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How’s this for a compelling reason to take up sports, from the conclusions of a newly published University of Illinois study:
Compared to non-athletes, collegiate Division I athletes showed higher street crossing success rates, as reflected by fewer collisions with moving vehicles.
It’s actually an interesting study, though it’s hard not to snicker while reading it. Researchers assembled 18 D1 athletes from a variety of sports (baseball, XC, gymnastics, soccer, swimming, tennis, track, wrestling) and 18 non-athlete controls matched for age, gender, height, weight, GPA and video-game experience, then had them all try to successfully cross a busy street in a 3-D virtual environment, while walking on a manual self-paced treadmill. The results: athletes made it to the other side without getting splatted 72.05% of the time, while non-athletes only made it 55.04% of the time.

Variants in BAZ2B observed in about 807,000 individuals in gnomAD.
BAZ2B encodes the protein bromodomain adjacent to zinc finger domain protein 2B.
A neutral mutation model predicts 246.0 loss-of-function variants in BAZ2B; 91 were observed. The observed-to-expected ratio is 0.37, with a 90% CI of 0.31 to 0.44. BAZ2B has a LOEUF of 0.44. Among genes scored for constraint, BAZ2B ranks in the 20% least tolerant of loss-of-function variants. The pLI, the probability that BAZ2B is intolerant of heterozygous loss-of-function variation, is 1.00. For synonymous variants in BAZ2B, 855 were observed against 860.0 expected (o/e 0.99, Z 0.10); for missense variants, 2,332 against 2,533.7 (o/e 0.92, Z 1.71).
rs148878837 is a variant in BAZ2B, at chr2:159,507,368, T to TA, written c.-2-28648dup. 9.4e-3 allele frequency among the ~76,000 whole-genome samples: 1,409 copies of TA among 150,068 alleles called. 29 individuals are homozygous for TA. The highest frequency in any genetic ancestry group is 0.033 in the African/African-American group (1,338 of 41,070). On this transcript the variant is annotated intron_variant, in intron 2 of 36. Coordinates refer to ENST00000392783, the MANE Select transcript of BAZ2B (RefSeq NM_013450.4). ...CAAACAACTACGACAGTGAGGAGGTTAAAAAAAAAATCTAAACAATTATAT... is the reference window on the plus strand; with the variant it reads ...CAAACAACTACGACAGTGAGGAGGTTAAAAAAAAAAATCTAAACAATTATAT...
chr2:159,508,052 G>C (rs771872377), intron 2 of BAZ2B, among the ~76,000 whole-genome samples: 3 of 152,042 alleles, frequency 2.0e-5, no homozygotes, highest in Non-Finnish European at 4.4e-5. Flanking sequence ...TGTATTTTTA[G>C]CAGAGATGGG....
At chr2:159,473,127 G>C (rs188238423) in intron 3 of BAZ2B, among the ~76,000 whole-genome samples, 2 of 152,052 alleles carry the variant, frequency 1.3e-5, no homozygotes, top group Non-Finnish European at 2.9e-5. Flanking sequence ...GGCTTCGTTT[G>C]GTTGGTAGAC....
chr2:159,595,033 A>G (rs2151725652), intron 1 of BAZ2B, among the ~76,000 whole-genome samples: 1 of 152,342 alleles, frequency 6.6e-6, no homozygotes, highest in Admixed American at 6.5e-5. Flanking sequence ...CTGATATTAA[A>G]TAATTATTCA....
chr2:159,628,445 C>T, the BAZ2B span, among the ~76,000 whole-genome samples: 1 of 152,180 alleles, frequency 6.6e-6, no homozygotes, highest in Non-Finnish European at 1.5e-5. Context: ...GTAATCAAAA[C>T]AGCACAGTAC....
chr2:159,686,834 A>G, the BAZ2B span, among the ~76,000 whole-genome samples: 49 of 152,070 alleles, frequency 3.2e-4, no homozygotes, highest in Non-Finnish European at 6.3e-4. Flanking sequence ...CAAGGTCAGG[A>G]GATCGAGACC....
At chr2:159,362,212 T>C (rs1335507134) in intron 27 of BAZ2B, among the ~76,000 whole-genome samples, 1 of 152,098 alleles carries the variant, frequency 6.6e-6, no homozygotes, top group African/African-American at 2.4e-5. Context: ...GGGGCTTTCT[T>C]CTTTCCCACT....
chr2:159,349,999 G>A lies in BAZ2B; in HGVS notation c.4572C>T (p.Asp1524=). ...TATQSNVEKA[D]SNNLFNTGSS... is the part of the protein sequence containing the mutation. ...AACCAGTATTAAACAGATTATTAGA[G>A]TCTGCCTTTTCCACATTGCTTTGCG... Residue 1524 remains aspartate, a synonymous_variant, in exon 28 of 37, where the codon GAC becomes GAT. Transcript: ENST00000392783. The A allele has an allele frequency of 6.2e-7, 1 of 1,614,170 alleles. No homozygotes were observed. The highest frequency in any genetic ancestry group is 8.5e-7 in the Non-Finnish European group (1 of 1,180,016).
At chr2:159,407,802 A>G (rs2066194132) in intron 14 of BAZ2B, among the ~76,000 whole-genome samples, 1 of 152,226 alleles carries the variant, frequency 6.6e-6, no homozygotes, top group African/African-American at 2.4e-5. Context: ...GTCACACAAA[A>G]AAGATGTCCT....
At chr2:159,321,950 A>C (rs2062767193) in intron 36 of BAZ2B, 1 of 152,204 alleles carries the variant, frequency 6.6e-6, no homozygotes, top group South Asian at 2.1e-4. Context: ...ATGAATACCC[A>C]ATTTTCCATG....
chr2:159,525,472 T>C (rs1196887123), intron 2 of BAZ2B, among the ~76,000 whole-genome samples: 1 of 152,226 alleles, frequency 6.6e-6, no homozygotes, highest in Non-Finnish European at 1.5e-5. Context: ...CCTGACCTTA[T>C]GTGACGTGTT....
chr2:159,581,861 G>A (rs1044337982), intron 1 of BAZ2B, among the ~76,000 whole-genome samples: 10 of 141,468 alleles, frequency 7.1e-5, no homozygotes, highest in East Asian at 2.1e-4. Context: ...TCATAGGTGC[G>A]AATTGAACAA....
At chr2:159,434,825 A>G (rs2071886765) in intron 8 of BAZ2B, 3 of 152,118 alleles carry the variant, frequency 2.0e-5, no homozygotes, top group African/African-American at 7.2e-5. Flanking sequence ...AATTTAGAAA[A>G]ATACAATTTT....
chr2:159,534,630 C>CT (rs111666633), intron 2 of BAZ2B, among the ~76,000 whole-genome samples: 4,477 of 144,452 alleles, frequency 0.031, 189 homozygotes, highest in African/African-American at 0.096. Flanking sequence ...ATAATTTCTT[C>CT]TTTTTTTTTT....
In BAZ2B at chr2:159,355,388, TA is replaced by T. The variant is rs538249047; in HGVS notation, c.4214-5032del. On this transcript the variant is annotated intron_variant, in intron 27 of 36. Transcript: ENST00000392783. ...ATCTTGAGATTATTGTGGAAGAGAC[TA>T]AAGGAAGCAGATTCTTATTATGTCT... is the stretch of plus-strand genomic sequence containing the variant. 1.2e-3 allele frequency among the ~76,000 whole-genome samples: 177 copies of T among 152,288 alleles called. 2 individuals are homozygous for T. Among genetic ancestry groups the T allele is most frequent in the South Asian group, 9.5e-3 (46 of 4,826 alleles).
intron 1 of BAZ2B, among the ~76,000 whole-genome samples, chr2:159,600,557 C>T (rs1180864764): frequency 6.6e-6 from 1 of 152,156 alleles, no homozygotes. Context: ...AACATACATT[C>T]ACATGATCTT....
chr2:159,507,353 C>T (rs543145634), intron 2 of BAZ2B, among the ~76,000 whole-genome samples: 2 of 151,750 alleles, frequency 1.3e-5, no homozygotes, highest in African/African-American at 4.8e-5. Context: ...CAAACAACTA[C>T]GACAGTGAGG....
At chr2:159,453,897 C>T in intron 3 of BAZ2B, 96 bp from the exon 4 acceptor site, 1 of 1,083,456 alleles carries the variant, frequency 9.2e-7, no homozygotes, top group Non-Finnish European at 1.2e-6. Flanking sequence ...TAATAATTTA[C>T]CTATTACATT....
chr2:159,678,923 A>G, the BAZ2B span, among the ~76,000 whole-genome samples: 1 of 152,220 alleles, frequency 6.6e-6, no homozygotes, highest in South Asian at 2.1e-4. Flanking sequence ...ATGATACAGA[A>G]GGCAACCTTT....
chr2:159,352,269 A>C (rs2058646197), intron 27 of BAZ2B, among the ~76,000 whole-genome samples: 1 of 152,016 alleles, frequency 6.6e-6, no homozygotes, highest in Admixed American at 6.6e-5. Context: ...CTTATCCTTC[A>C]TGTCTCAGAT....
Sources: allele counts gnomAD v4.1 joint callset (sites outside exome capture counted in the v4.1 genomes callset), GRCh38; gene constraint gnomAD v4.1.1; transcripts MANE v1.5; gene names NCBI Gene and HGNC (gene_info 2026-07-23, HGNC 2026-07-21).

The purpose of the study was to find out whether sports training improves multitasking ability:
An ability to efficiently process information is said to improve multitasking performance. That is, if information passes through the bottleneck efficiently and quickly, more information can be processed in a shorter time frame and performance can be maximized.
The athletes also outperformed the non-athletes in a simple test of reaction time — that difference alone is enough to account for the difference in street-crossing success. Of course, there’s a glaring cause-and-effect question here, which the researchers acknowledge:
We speculate that athletes are faster multitaskers than non-athletes, but it is also possible that successful virtual reality street crossers with fast processing speed are more likely to excel at sports.
It’s by no means obvious to me which direction the arrow of causality runs here. I suspect it’s a bit of both. Interestingly, these researchers are also part of the group that has been publishing some very encouraging findings about the effects of aerobic exercise on the brain. Just last month, they published a Proceedings of the National Academy of Sciences paper showing that aerobic exercise increases the size of the hippocampus by 2% in older people, reversing the effects of 1-2 years of age-related decline. In this case, cause and effect were clear.
Bottom line: sports skills may help you cross the street successfully, but if you want to remember how to get home again, make sure you’re doing some aerobic exercise.